Minimal, colourful, flat.

iOS7 Control Center

iOS7 Multitasking

With their announcement of iOS7 on Monday, Apple has embraced a flat and minimalistic user interface, which has been long touted by Android and Window Phone. 

John Koetsier (of Venture Beat) writes about the changes in iOS7, and compares them to Apple's past design choices.

The latest version of iOS is the culmination of Apple’s six-year journey with iPhone, and that journey mirrors the changes that successfully brought Apple back from the brink of death in the late 1990s. The product that saved Apple was the iMac, and Steve Jobs threw it like a grenade into the the computer industry. Where the industry was grey, iMac was color. Where the industry was separate pieces wired together, iMac was unified and singular. Where the industry was opaque, iMac was translucent. 
But the original iMac was also a little childish — a little young — before it became the singular objét d’art that it is today. And like iMac’s 15-year transition from fruity to elegant, iOS has now crossed the user interface Rubicon from Microsoft Bob to the Bauhaus — from decoration to design.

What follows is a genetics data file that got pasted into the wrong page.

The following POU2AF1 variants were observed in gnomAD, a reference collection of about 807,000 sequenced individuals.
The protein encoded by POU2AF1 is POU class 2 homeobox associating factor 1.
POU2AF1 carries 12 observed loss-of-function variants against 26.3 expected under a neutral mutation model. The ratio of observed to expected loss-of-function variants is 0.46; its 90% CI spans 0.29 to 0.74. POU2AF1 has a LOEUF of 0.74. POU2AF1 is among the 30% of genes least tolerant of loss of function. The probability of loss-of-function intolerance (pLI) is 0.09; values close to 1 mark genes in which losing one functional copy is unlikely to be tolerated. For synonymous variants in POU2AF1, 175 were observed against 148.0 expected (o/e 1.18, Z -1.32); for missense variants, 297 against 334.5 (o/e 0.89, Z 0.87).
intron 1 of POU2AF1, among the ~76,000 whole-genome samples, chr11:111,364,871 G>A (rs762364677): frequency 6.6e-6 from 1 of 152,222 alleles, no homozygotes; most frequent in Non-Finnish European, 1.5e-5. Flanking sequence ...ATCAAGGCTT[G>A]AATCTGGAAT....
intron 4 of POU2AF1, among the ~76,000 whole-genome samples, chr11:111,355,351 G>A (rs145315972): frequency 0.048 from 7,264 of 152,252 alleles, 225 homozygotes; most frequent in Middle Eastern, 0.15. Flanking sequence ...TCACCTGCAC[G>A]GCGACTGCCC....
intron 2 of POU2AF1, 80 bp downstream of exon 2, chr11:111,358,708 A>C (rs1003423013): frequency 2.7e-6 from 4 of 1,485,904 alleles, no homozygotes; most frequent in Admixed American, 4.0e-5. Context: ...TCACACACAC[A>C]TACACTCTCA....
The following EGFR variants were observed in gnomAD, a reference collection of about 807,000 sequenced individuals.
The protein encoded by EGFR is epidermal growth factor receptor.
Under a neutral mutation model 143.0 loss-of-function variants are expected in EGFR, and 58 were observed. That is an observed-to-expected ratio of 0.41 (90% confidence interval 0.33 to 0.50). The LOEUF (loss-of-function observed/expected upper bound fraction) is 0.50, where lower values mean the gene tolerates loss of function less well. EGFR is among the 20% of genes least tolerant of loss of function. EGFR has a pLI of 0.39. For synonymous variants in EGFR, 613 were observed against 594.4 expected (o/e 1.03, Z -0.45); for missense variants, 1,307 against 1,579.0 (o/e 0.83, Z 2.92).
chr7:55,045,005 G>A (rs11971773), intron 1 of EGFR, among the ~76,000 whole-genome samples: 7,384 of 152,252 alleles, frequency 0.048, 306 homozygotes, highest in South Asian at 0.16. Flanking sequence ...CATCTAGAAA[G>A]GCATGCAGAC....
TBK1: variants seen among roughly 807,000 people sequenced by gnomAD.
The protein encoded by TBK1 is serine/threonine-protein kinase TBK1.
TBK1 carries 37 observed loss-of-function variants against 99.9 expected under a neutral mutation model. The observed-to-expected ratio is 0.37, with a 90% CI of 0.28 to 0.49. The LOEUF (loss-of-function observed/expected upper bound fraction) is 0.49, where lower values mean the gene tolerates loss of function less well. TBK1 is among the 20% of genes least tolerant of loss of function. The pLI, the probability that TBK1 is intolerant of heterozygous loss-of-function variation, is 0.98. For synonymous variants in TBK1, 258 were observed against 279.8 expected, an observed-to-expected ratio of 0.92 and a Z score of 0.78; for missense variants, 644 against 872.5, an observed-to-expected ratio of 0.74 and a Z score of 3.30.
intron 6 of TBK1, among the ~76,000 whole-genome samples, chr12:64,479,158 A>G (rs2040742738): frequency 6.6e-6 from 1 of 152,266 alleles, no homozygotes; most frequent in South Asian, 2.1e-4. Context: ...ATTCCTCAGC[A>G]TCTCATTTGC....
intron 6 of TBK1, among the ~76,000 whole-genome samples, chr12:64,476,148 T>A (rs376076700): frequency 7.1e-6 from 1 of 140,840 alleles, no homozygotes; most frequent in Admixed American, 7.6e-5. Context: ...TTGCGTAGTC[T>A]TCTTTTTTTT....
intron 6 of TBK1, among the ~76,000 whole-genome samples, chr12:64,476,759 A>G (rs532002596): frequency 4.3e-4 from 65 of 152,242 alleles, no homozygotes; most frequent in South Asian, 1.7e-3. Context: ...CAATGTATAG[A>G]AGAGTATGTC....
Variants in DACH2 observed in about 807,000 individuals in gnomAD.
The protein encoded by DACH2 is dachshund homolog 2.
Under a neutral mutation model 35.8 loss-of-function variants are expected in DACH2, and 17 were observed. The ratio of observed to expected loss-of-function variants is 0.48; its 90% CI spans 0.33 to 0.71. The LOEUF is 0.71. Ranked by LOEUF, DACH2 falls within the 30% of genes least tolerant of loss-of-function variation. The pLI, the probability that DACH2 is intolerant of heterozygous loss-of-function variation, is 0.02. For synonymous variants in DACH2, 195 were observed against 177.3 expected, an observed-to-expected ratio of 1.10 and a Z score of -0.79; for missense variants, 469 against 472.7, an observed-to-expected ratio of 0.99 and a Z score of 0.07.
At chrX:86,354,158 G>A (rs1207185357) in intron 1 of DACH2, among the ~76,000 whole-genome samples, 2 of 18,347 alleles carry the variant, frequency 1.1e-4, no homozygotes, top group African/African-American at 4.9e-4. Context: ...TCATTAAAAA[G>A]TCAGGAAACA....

Versions 1 through 6 were Apple’s mobile juvenilia; iOS 7 is Apple at the zenith of its design zen.

Koetsier's summary is quite excellent. Check out his full article in the link bellow.

 

5 pillars of mobile design: Luke Wroblewski

In a Mashable article, Grace Smith interviews design guru Luke Wroblewski (former Chief Design Architect at Yahoo and founder of BagCheck).

Designing for mobile has evolved dramatically. Users now expect fast, immersive mobile experiences, and catering to this is increasingly difficult.
When Luke Wroblewski introduced the concept of Mobile First more than four years ago, it radically changed how we approach design. According to him, the reason was threefold:
"It was clear mobile use was going to take over; designing for mobile pushed you to better and simpler designs because of constraints like small screens and slow networks; and last but not least, mobile devices had capabilities like multi-touch and location detection that allowed you to create new kinds of experiences."

Wroblewski outlines five pillars of mobile design, focusing on the importance of a fast user experience, engagement with users, designing specifically for mobile, enforcing constraints, and the importance of taps.